Last night at SrHi, we were finishing up our group before our break over Christmas. Because of how the church calendar falls, we have three weeks off from our senior high youth group. We always do some type of service projects over Christmas with our small groups. This year, I wanted to try something different. We told the students it was in their hands. The adult leader was there to help them sort ideas, but if their group was going to do a project, then it was up to them to design and carry it out. I realize it’s not earth shattering stuff, but it’s a step in our move towards having a ministry of students. (Read my post on this idea here.)
Our 10th grade guys came roaring up to me after small group with an idea. They want to have a dodgeball tourney over Christmas break, and have each team pay admission with canned food items for our community food pantry. Again, not earth shattering, but I love this idea. One, because it is theirs, and they own it. Two, because it’s realistic and can be a win for them. Three, because some guys who don’t normally “lead” in the group came up with it and are running with it. They are doing promo for it, inviting friends from school to get teams together, the whole deal.
These are the types of steps I want to see us take. Small, sustainable, and winnable steps that students can accomplish on their own. Obviously, I don’t want this group of guys to stop at this level, or be content with this level of service. But it is a step in the right direction. As I’ve been around a while, I have definitely learned that it isn’t the hot new program or idea that blows up and everyone jumps on board with that is going to bring about change. It is people, whether students or leaders, who have an idea that moves them forward a step or two, followed up with another one that goes a little further. These movements become momentum, and momentum becomes life change.
So, I’m excited about dodgeball and canned green beans. Where are you seeing success? I’d love to hear.
I began reading the book of Isaiah today, so I’ll be writing about Isaiah for a while. I love that book. It is not usually a book out of the Bible that people point to as one of their favorites. It’s a book written by a prophet trying desperately to warn the people of God to turn, or be destroyed. That is NOT why I love it. It’s often dark, and painful. That’s NOT why I love it. It has some very graphic warnings of what God is going to do to the people who hate Him. That’s NOT why I love it.
I love it because the whole theme of the book is “a remnant will return.” At it’s heart, it’s a book about grace and forgiveness for anyone who wants it. THAT’S why I love the book.
It all begins in chapter one with the warnings. God, through Isaiah, is telling the people that He is tired of their junk. He’s tired of them coming to church and singing and saying one thing, while living a whole other life the other days of the week. He tells them to quit singing songs to Him, to quit offering sacrifices to Him, to quit coming into the church and messing it up. He doesn’t want anymore praise and worship services from them. Instead, He tells them:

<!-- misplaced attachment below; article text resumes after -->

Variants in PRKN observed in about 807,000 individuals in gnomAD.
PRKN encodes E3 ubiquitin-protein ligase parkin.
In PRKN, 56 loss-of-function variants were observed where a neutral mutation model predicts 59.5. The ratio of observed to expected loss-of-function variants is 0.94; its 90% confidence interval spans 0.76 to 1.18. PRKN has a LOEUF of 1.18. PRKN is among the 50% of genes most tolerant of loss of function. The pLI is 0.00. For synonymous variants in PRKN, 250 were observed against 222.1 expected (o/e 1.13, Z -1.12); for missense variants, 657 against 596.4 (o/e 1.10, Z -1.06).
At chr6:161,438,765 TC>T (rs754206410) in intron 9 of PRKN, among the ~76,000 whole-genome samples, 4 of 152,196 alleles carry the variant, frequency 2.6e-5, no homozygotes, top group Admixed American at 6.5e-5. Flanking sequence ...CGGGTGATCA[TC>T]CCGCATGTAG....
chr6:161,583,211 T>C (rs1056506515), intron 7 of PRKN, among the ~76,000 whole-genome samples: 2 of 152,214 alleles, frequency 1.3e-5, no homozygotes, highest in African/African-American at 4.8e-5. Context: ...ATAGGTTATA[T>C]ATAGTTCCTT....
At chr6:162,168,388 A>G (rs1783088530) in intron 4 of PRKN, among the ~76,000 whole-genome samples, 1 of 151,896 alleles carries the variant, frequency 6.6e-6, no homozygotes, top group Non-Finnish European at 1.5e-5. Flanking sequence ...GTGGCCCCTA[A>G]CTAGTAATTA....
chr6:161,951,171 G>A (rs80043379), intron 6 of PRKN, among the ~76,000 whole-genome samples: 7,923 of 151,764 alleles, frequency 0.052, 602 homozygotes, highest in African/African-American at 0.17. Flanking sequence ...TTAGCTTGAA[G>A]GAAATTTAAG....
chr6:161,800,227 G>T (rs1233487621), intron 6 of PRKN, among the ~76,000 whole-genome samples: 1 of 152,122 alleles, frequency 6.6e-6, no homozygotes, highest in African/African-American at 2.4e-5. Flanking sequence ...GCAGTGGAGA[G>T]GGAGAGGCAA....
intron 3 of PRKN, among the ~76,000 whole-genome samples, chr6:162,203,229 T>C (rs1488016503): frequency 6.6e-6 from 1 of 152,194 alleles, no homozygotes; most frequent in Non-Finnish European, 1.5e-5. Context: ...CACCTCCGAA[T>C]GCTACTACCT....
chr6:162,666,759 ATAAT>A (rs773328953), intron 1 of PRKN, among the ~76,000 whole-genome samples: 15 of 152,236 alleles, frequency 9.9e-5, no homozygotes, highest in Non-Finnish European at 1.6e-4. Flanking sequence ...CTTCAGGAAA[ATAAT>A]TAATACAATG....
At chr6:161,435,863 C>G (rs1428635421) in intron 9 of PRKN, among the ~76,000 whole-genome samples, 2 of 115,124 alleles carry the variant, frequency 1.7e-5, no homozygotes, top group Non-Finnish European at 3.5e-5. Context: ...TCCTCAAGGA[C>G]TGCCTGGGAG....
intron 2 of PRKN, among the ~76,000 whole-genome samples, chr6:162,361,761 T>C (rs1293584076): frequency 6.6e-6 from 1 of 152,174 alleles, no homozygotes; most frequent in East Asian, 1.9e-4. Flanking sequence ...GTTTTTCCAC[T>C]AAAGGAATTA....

encourage the oppressed.
Defend the cause of the fatherless,
plead the case of the widow. (Isaiah 1:17)
That always catches me. God is tired of the hypocrisy and fake faith of his people. But He doesn’t give them lectures on how to run a better worship service, or how to confess their sins corporately on sticky notes and make a clean break. How are they to show their faith is alive? Take care of “the other”. The poor, the oppressed, the fatherless, those without family, the lonely, the needy. Help them, then I’ll know you are legit.
So honestly, where are we with this. God says an actual faith will live itself out in our daily lives, and it will involve how we treat “the other”. Who is your other? A neighbor who is alone and needy? Someone at work who is broken? A family member who is alone and alienated? That kid in the hall at school who is poor? Who is the other in your life? How are you treating them?
According to God, that seems to be more important than what goes down on Sunday morning.
How are we doing?
The pharisee’s challenge Jesus in John 8:12-20. Jesus claims to be the light of the world, who has come to help people in the darkest parts of life. The religious guys want to argue whether or not Jesus can say these things according to the rules. For someone to make a claim about something, the rules they had said that there needed to be two witnesses. They don’t argue Jesus’ mission, they argue the rules about what He can and can’t say.
Why don’t they argue that they are there to help people in their darkest times? Why don’t they stand up and prove that they are carrying out the work of God on the earth? Because they have gotten themselves down a path where they believe that God’s work is about keeping the rules. Everyone needs to look and act a certain way, so that God can look better and be happy with them. Everyone who doesn’t is “out” and they don’t need to worry about them.
Jesus replies that He does have a witness, His Dad, God. He and God the Father are witness enough. He’s right. But that doesn’t help anything.
Here’s what I see in this. I really like to keep the rules. I’ve invested a lot of my life in defining who is “in” (who is like me) and who is “out” (who bugs me, who disagrees with me, who has little to offer me). God is really riding me about this, and I hope it doesn’t stop. Oh Lord, I beg you, please change me in this! Help me to be a light in my world, not a wall. Please help me!